Hows does a politician justify spurning millions in federal grants out of supposed concern for the city’s budget?
John Cranley, Cincinnati’s new mayor, handled that contradiction by telling voters there was some chance that if the city cancelled its federally-funded streetcar project, the money could be used for other things, like rebuilding an interchange.
It was always a dubious claim, and the Federal Transit Administration just confirmed that Cranley will not be able to use the unspent portion of the $45 million federal grant on whatever he wants. A letter FTA chief Peter Rogoff sent to Cranley this week demanded “unequivocal assurances” by December 19 that the city will proceed with the project under the “FTA-approved” timeline, or the FTA will “immediately terminate all of its grant obligations for the project and initiate a debt collection action to recover money owed.”
The big question is whether an independent audit will show that halting the project will cost the city of Cincinnati more than continuing it would. John Yung at Urban Cincy says Rogoff’s letter will compel quick action on that front:
Strong words. It is no wonder Mayor Cranley jumped out in front of the media early on Facebook Friday morning to spin the letter as a positive development for his administration.
But what it also means is that the City of Cincinnati must complete its third financial audit of the project, with KPMG, no later than that date and should make a decision FTA finds satisfactory in order to avoid the loss of $40 million from the Federal government and debt collection on another $5 million of Federal money already spent.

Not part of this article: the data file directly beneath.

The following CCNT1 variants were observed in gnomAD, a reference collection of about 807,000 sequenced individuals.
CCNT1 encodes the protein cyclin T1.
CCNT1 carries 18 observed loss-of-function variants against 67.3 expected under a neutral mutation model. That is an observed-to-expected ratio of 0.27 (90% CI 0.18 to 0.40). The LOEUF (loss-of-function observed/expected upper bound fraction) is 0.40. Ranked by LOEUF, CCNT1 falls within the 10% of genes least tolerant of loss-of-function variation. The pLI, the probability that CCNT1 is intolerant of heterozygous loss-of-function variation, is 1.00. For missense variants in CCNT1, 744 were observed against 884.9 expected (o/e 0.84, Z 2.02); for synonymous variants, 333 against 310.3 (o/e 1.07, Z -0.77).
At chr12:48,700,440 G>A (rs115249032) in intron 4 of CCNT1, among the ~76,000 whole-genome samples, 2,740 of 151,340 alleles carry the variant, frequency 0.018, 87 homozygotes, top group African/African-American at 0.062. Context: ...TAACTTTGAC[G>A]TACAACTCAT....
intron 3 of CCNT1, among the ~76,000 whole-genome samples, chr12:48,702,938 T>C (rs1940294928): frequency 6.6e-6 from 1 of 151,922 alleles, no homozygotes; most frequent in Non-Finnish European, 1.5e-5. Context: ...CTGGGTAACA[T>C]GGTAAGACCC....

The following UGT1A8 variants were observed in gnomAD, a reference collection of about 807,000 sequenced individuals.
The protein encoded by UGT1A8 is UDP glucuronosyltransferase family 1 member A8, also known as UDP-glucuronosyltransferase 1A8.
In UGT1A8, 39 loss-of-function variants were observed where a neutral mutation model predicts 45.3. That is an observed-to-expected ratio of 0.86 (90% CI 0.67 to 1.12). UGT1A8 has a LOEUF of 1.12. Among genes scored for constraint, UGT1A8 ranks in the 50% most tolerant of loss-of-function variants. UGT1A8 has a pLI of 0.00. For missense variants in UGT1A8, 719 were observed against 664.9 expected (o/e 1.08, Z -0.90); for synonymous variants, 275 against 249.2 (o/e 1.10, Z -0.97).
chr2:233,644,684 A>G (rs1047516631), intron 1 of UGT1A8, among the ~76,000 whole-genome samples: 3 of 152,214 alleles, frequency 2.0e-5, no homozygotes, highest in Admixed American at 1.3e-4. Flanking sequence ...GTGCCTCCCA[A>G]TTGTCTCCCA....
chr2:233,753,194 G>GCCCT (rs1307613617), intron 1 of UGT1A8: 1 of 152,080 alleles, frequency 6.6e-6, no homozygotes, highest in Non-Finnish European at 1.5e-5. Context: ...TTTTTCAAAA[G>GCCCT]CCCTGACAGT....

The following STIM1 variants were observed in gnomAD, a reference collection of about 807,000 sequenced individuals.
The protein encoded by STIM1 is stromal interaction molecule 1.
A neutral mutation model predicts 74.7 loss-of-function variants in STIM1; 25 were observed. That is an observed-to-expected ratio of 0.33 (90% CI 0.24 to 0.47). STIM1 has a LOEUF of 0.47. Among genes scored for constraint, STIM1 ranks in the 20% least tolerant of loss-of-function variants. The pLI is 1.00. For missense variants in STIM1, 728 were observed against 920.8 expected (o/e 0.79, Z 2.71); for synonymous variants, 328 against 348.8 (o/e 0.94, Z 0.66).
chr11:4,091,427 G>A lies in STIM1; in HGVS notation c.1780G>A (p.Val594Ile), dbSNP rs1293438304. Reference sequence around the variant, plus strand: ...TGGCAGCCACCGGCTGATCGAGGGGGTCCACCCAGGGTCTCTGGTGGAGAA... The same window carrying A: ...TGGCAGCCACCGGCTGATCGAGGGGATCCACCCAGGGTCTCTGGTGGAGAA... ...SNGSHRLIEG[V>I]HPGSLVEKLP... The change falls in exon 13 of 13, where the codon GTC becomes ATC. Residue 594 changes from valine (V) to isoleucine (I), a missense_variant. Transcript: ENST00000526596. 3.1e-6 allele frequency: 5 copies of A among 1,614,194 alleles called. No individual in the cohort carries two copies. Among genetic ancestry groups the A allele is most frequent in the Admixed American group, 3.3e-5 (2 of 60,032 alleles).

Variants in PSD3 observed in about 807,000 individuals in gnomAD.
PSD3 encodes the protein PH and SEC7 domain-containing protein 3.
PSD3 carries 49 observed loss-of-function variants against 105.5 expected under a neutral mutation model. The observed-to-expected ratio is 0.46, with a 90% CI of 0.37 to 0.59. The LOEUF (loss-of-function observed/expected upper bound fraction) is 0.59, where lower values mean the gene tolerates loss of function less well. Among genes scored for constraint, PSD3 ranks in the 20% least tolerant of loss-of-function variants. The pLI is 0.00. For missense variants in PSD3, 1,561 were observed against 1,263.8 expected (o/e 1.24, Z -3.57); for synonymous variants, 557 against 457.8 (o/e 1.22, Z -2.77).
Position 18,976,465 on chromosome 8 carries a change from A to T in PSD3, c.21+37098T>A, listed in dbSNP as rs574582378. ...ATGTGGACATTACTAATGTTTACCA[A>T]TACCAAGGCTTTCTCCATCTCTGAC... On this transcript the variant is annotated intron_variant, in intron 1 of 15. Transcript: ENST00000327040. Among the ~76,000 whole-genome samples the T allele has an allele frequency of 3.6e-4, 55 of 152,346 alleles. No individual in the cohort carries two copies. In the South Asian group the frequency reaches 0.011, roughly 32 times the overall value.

The other immediate question is whether a majority of the City Council will be persuaded to resume streetcar construction. The mayor’s refusal to shift his position means that picking up the needed votes in the council will be harder:
Mayor Cranley has gone on the record and stated that he would potentially veto any majority vote by City Council to restart construction and complete the project. Such a move would require the Charter amendment or a 6-3 super majority vote of City Council to override the mayor’s veto.
Elsewhere on the Network today: Bike Portland says that what started as a student project could soon become an official protected bike lane in the city of Eugene. PubliCola explains why Seattle advocates are so disheartened about the transportation bill put forward by Washington lawmakers. And The City Fix offers four ways bus rapid transit helps urban communities.